https://doi.org/10.1590/S0100-204X201800...
). The present analysis, therefore, included the recommendations of Khalaf and Iguernane (2016)Khalaf, G.; Iguernane, M. 2016. Multicollinearity and a ridge parameter estimation approach. Journal of Modern Applied Statistical Methods 15: 400-410. https://doi.org/10.22237/jmasm/1478002980
https://doi.org/10.22237/jmasm/147800298...
, who suggest critical values for the Variance inflation factor (VIF) when greater than 10, for the Eigenvalue (λ) when less than 0.01, and for the Condition index (CI) when greater than 50, indicating significant multicollinearity. The descriptive analysis of the independent variables and the pregnancy rate show the averages over which the pregnancy probabilities were estimated ( Table 1 ).

Table 1
– Descriptive statistics of the characteristics evaluated in the cows.

Multicollinearity value and the logistic regression equation

After a diagnosis of multicollinearity adjusted for the intercept ( Table 2 ), considering only the significant variables, the logistic regression equation was constructed ( Table 3 ).

Table 2
– Diagnosis of multicollinearity between the coefficients of the variables included in the model.
Table 3
– Regression variables and confidence limits on the pregnancy rate of beef cows.

The effects of the age of the cow, lactation period, interval between birth and the end of the mating, average daily gain between delivery and 60 days post-partum, and average daily gain from 60 days post-partum to the end of the mating were entered into the logistic regression equation to explain the probability of pregnancy. From the value found for the Variance Inflation Factor (VIF), the eigenvalue (λ), the condition index (CI) and the proportion of the variance associated with the eigenvalues, no adjustments were made to reduce multicollinearity. Based on the Hosmer-Lemeshow statistic (2013), there is no evidence for a lack of model fit ( p = 0.5294) ( Table 3 ).

The variables in weight and body score at calving, at 60 days, and at the beginning and end of the mating were inserted into the model and later removed due to the occurrence of multicollinearity with the age of the cows, which is a premise for either not existing or being almost non-existent. The choice to leave age in the model is due to its greater significance in fitting the equations.

Cow age effect

From the odds ratio statistic, based on the mean age of this herd of 3.7 years, an increase in one year represented an increase of 30 % in pregnancy, while a reduction of one year reduced the odds of pregnancy by 23 % ( Table 4 ).

Table 4
– Estimate of the odds of each regression variable in the equation on the pregnancy rate of beef cows.

Effect of lactation period on pregnancy probability

During the lactation period, an increase of seven days in the time the calf remained with the cow reduced the odds of pregnancy by 12 %, while anticipating weaning by seven days increased the odds of pregnancy by 14 %, based on a mean lactation period of 102 days ( Table 4 ).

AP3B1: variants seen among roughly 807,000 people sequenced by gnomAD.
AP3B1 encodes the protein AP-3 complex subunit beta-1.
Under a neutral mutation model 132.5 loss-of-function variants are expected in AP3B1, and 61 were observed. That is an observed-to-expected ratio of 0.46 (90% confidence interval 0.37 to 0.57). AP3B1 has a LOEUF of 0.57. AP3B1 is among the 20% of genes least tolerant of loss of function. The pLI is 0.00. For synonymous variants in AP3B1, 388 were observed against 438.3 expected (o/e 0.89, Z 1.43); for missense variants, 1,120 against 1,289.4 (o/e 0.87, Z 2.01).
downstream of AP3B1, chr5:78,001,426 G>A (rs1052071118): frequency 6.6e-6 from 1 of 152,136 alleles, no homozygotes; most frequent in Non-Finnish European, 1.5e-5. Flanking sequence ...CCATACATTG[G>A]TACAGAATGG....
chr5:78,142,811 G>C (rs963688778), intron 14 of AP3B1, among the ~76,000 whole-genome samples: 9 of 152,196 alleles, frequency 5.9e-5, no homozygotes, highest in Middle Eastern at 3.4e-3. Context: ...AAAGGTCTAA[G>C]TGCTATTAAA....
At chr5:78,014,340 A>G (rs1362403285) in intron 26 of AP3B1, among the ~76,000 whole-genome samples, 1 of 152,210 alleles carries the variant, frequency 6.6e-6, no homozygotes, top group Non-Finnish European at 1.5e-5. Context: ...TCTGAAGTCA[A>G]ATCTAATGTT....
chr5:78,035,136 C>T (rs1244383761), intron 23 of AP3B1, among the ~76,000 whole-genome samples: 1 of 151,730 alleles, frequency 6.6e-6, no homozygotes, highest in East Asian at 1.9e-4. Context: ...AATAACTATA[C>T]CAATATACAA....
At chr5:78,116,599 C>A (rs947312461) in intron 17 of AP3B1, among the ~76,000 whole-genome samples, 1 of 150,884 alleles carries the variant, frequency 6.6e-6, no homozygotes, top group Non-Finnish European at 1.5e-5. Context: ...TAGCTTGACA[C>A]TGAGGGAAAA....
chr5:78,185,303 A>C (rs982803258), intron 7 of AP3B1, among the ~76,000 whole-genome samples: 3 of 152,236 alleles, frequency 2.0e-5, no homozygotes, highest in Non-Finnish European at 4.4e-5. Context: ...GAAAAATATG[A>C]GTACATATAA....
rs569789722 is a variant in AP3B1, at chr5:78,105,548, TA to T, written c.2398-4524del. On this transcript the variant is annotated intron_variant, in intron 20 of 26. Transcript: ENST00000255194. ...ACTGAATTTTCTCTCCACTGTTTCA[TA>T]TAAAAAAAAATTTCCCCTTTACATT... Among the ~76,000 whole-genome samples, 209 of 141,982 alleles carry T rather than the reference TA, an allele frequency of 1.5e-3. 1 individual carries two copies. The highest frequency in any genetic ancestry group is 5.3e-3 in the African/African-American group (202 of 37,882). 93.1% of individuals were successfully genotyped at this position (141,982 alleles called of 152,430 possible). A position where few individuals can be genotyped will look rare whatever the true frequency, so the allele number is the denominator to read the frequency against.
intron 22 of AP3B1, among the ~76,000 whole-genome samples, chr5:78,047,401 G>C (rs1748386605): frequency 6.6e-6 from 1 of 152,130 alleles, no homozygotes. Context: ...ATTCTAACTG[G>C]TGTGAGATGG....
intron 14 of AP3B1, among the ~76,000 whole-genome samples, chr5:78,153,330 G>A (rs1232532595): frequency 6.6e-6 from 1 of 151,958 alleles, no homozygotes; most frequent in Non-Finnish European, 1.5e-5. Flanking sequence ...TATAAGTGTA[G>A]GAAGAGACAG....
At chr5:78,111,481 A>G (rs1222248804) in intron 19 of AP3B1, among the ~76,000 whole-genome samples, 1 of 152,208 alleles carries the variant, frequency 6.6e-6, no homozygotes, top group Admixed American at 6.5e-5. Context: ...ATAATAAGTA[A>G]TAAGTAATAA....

Interval between parturition and the end of mating

An increase of seven days in the mean interval of 133 days between calving and the end of the mating represented a 28 % more chance of the cows becoming pregnant. In contrast, a reduction of seven days promoted a reduction of 21 % in the probability of pregnancy ( Table 4 ).

Postpartum body weight gains

Based on an average daily gain of 0.233 and 0.248 kg d1 for the first 60 days post-partum, and between 60 days post-partum to the end of the mating, an increase of 0.100 kg represented an increase of 17 % and 15 % in the odds of pregnancy, respectively. On the other hand, a reduction of 0.100 kg during the first 60 days post-partum and then to the end of the mating promoted a respective reduction of 14 % and 13 % in the odds of pregnancy ( Table 4 ).

Discussion

The cows’ weights and body condition scores from calving to the end of the mating, even when increased, played no part in the pregnancy probability equation due to multicollinearity with the age of the animals. The parameters of weight and body condition score increase from calving to the end of the mating due to the better nutritional conditions made available to the cows, with the greater nutrient intake, providing in addition to maintening the nutritional conditions for weight gain and an increase in body score which are positively correlated with reproductive performance ( Vaz et al., 2020Vaz, R.Z.; Lobato, J.F.P.; Restle, J.; Costa, P.T.; Ferreira, O.G.L.; Bethacourt-Garcia, J.A.; Eloy, L.R.; Costa, J.L.B. 2020. Effect of live weight of beef cows on calf production efficiency. Research Society and Development 9: e679007632. https://doi.org/10.33448/rsd-v9i9.7632
https://doi.org/10.33448/rsd-v9i9.7632...
; Klein et al., 2021Klein, J.L.; Adams, S.M.; Moura, A.F.; Alves Filho, D.C.; Maidana, F.M.; Brondani, I.L.; Cocco, J.M.; Rodrigues, L.D.S.; Pizzuti, L.A.D.; Silva, M.B. 2021. Productive performance of beef cows subjected to different nutritional levels in the third trimester of gestation. Animal 15: e-100089. https://doi.org/10.1016/j.animal.2020.100089
https://doi.org/10.1016/j.animal.2020.10...